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Bland Beer

I have only been homebrewing for a few months and I have made 3 batches of beer. I have brewed the Nut Brown Ale, St. Paul Porter, and Caribou Slobber Brown extract kits. My beers have all turned out fine but I notice they lack the complexity I have enjoyed in so many other craft beers. My beers seem almost like watered down versions, I would like to know if it may be something I might be doing wrong, or if I should brew beers with higher alpha hops to get more flavor.

For example, the St. Paul Porter turned out well but it had almost no hop flavor and hardly any maltiness. The Caribou Slobber has the same watered down taste with a little more flavor than the Nut Brown Ale but I am looking for something better.

I wonder if it could just be the water I use but it tastes fine from the tap. Could this be a sanitation issue? I am very persistent to make sure everything is well cleaned.

Any suggestions? Perhaps I am too harsh of a beer snob.

(Sorry about the melee of questions in one post)

Easy answers first. You do not have a sanitation issue. I’ve never heard of a contamination problem that results in blandness. In fact, quite the oposite - usually in a bad way.

Water is likely the issue. I’m guessing you are brewing from extract? If yes, try using distilled or reverse osmosis water for your next brew and see if that helps. Extract contains all the minerals needed in the beer, so when added distilled will bring it back to the chemical profile the manufacturer had.

If it is water, chlorine may be what is causing your issue. Too much chlorine (and there is too much in most municipal water systems) will mute the hops, which typically allows the malt to shine through better. That is not exactly what you are describing, but it could be a piece of it.

Also, how do you measure your volume? Adding too much water to top up will also result in watery beer.

And if you are brewing all grain, then check the calibration on your thermometer. If it is off and your mash temperature is too low, that will cause the beer to be low in body, and thus watery.

I agree with rebuilt that you maybe topping off to much, 5 gallons means 5gallons fermenting on the side of that bucket. not 5 gallons finished. just saying.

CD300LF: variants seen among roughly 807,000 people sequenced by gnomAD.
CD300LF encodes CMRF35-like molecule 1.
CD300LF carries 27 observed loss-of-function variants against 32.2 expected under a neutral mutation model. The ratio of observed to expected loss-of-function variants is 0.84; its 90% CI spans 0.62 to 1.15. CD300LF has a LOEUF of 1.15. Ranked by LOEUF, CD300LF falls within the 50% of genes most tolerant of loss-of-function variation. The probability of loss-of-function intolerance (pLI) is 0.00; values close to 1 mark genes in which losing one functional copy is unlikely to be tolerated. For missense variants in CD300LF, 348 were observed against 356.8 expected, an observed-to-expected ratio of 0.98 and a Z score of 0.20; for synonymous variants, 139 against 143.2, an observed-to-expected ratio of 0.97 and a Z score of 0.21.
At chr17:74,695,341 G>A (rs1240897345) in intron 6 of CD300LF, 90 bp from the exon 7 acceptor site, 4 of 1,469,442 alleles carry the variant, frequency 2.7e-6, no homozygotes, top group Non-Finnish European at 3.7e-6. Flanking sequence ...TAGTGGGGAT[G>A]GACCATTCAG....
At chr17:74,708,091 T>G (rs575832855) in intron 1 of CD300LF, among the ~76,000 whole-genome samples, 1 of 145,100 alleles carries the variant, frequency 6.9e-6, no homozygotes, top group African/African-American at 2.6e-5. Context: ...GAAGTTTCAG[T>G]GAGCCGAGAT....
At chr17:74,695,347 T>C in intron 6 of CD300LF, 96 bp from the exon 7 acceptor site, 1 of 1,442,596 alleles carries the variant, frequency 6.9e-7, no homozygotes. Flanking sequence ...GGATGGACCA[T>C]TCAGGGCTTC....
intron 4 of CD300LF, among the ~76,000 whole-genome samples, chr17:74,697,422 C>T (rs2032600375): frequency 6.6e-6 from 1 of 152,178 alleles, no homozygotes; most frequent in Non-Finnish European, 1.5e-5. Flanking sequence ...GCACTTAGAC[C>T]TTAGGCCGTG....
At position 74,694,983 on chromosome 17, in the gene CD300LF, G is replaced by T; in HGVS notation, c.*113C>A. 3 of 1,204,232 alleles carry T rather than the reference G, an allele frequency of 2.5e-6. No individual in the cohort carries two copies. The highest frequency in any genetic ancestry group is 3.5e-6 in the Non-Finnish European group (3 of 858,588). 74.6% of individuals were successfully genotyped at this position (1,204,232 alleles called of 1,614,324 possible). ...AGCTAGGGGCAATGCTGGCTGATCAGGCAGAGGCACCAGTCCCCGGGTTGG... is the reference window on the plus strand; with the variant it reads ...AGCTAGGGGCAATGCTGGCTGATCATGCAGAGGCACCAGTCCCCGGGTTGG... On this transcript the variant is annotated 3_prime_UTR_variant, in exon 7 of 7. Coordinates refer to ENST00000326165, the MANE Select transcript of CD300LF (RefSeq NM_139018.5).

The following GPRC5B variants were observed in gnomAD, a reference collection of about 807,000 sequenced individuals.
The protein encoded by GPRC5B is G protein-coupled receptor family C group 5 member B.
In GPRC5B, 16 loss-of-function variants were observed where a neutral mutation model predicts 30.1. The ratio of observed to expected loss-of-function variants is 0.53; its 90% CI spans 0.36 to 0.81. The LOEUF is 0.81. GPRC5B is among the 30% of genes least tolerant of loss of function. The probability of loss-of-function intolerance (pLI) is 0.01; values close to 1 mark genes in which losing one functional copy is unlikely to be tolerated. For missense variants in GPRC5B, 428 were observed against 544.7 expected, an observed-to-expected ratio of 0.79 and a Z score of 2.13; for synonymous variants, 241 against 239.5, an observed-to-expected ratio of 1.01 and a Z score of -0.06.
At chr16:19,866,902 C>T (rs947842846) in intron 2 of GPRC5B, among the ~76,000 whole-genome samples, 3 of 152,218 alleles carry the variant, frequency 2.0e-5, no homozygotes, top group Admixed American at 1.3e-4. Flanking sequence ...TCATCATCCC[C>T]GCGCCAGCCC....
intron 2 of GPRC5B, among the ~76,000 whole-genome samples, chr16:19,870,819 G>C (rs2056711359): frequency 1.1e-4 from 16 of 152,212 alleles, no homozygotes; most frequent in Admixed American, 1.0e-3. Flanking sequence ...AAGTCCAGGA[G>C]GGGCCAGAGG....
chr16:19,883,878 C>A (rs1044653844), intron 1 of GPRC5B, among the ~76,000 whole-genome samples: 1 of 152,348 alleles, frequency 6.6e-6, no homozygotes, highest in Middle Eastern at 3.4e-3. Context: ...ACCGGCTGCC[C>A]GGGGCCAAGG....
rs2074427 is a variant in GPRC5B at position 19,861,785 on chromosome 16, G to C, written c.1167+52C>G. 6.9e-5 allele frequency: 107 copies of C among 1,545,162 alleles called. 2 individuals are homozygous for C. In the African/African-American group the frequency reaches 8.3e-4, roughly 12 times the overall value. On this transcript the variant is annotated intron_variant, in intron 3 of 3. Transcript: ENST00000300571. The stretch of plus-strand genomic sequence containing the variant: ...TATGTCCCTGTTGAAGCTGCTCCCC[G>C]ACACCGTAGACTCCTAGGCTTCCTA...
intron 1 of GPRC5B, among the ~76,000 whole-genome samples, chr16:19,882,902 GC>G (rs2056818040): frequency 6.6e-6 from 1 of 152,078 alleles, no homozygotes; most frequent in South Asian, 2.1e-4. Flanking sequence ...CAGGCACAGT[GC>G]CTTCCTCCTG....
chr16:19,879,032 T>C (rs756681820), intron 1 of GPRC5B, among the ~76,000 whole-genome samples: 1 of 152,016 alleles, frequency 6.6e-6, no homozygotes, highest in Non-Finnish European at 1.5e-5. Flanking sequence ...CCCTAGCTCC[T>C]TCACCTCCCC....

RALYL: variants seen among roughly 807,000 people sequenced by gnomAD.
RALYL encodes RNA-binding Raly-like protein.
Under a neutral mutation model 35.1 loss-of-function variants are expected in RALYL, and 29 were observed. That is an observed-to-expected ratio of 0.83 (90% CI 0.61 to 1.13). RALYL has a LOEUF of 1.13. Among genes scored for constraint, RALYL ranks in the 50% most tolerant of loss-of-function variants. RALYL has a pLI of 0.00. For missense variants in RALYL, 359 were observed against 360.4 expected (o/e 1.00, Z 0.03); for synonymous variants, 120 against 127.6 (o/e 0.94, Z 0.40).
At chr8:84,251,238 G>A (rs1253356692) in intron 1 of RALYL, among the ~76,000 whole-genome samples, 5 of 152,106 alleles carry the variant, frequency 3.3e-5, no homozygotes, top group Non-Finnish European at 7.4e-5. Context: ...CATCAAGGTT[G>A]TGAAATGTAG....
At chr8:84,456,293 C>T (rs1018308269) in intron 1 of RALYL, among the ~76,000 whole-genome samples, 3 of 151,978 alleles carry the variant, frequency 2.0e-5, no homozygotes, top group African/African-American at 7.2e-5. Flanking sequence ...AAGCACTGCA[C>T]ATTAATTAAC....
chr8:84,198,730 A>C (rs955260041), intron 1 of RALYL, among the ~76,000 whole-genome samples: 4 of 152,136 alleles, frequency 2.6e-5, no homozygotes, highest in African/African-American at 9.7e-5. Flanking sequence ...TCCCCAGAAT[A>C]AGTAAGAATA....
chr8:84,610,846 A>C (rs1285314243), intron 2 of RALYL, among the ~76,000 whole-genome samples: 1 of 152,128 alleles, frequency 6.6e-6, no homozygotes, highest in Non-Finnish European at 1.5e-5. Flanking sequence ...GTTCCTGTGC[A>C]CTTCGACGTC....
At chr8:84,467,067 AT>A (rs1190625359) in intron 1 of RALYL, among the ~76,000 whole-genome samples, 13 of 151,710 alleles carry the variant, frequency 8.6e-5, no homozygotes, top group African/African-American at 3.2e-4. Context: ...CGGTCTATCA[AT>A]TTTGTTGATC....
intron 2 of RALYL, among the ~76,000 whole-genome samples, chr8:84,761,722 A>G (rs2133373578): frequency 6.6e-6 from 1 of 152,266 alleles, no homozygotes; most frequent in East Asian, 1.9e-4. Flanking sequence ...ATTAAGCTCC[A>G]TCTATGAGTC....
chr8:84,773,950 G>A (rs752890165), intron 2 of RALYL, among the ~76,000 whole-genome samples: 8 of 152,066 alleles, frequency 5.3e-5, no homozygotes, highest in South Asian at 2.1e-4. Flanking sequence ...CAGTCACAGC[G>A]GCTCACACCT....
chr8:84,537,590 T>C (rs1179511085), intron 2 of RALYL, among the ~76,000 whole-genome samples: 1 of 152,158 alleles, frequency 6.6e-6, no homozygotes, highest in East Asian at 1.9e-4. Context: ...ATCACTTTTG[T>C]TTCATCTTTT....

Agreed with all suggestions mentioned. Check the marks on the bucket, not all buckets are marked correctly.

also try topping off to 4.5 gal and take a reading with your hydrometer. I’ve found that in almost every extract batch I have brewed, If I top off to 5gal, then my wort misses the suggested OG BIG TIME. So we sneak up on it now, and it is never 5 gal, some of them are even closer to 4.

Thanks for all of the advice!

I think it must be a water issue, I have always hit my OG spot on and had good FGs. I will try distilled or reverse osmosis water and see if that helps.I have not overfilled my glass carboys with water so I am deducing it must be my tap water.

I appreciate everyones input!

Cheers!

I do brew extract beers.

If it is a water issue, I would be best to use distilled water for my wort, correct?
Keep that tap crap away.

I’ll take the easy one. For more hop flavor, use more hops. Also, a teaspoon or two of gypsum wouldn’t hurt.

yes - distilled or R.O. water. The big thing with extract beers and water is the fact that the correct water adds the necessary minerals in the necessary amounts. When extract is made - the water/minerals are added when the grain is mashed. When the wort is dehydrated into syrup/powder - those minerals are still in there. When you brew your beer, and add tap water - if that tap water is high in certain minerals/hardness/etc. - you are actually doubling the things you need in your wort or adding excess amounts of things you don’t want like chlorine. Distilled or RO water really add nothing except water - which is fine, because the extract has what you need in it already.

I would brew your next batch with the RO or distilled water.

If it still seems like it is not quite what you want, you could look into adding some CaSO4 or brewing salts to enhance hop flavor on a batch in the future if needed.

I will try distilled water next time I brew and hopefully that will work. The beers have all turned out but I feel they taste watered down.

The St. Paul Porter tasted great after fermenting in the primary (very bitter) but it mellowed out after being in the secondary when I bottled it.

Thanks for all the suggestions!

I always found it hard to get full flavored beers when using a concentrated boil with extracts.

Try this:

http://www.baderbrewing.com/store/produ ... 396&page=1

Makes much better extract beer.

“Extract contains all the minerals needed in the beer, so when added distilled will bring it back to the chemical profile the manufacturer had.”